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[68] or even if his own child, however young, should
chap. IV.} 1763.
profess to be a Protestant.

None but those who conformed to the established church were admitted to study at the universities, nor could degrees be obtained but by those who had taken all the tests, oaths, and declarations. No Protestant in Ireland might instruct a papist.1 Papists could not supply their want by academies and schools of their own;2 for a Catholic to teach, even in a private family or as usher to a Protestant, was a felony, punishable by imprisonment, exile, or death. Thus ‘papists’ were excluded from all opportunity of education at home, except by stealth and in violation of law. It might be thought that schools abroad were open to them; but, by a statute of King William,3 to be educated in any foreign Catholic school was an ‘unalterable and perpetual outlawry.’4 The child sent abroad for education, no matter of how tender an age, or himself how innocent, could never after sue in law or equity, or be guardian, executor, or administrator, or receive any legacy or deed of gift; he forfeited all his goods and chattels, and forfeited for his life all his lands. Whoever sent him abroad, or maintained him there, or assisted him with money or otherwise, incurred the same liabilities and penalties. The crown divided the forfeiture with the informer; and when a person was proved to have sent abroad a bill of exchange or money, on him rested the burden of proving that the remittance was innocent, and he must do so before justices without the benefit of a jury.5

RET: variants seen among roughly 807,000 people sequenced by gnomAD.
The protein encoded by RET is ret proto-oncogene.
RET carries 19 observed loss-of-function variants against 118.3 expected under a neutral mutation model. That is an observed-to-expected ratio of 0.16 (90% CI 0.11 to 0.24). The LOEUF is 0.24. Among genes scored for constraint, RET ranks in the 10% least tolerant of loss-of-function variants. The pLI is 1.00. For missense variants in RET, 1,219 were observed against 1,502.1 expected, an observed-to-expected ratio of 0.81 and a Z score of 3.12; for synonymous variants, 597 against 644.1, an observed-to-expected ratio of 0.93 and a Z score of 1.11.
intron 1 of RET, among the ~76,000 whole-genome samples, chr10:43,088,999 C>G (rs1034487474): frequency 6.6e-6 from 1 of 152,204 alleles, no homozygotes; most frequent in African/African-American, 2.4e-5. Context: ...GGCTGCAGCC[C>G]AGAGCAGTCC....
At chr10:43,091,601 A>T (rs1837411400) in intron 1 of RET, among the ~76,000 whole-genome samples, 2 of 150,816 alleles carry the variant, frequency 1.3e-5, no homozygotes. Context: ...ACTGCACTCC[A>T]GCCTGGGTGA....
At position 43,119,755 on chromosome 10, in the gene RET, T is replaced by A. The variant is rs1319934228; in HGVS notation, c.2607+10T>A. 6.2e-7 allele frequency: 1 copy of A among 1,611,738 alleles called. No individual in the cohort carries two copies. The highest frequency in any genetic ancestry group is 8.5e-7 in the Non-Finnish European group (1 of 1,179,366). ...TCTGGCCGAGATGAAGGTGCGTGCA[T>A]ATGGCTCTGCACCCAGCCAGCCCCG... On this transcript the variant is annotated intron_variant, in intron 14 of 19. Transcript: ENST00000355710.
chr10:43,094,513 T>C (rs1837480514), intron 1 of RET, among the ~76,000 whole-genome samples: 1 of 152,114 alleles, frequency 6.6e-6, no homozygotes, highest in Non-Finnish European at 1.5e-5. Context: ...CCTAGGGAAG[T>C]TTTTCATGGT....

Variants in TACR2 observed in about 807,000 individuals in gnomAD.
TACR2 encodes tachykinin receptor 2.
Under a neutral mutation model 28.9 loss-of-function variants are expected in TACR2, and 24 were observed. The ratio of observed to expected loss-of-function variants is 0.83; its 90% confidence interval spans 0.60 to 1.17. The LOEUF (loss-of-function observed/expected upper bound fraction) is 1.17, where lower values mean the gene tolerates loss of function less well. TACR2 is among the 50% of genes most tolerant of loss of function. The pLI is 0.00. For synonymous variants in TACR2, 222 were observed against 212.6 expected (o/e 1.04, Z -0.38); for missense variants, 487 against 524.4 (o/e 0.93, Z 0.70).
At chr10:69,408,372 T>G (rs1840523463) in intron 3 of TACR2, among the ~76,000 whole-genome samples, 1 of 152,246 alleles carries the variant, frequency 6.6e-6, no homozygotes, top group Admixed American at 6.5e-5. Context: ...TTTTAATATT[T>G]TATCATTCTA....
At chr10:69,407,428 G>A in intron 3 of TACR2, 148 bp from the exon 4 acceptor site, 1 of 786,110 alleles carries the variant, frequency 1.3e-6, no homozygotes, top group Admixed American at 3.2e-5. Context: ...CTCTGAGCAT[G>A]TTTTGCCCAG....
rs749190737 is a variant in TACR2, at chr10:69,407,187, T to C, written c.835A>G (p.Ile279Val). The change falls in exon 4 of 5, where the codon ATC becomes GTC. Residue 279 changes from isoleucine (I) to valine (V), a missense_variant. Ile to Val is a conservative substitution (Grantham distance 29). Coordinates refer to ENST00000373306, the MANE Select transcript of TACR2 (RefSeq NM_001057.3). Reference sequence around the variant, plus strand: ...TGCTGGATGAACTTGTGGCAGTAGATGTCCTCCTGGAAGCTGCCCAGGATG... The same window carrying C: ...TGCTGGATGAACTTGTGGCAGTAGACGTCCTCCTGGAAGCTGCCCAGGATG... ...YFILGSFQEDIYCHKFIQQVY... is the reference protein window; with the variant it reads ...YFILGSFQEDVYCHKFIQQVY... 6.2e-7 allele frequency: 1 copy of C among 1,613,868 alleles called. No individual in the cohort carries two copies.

1 7 William III.

2 8 Anne.

3 William and Mary, c. IV. to restrain foreign education.

4 Edmund Burke.

5 Edmund Burke's Fragment of Act a Tract on the Popery Laws.

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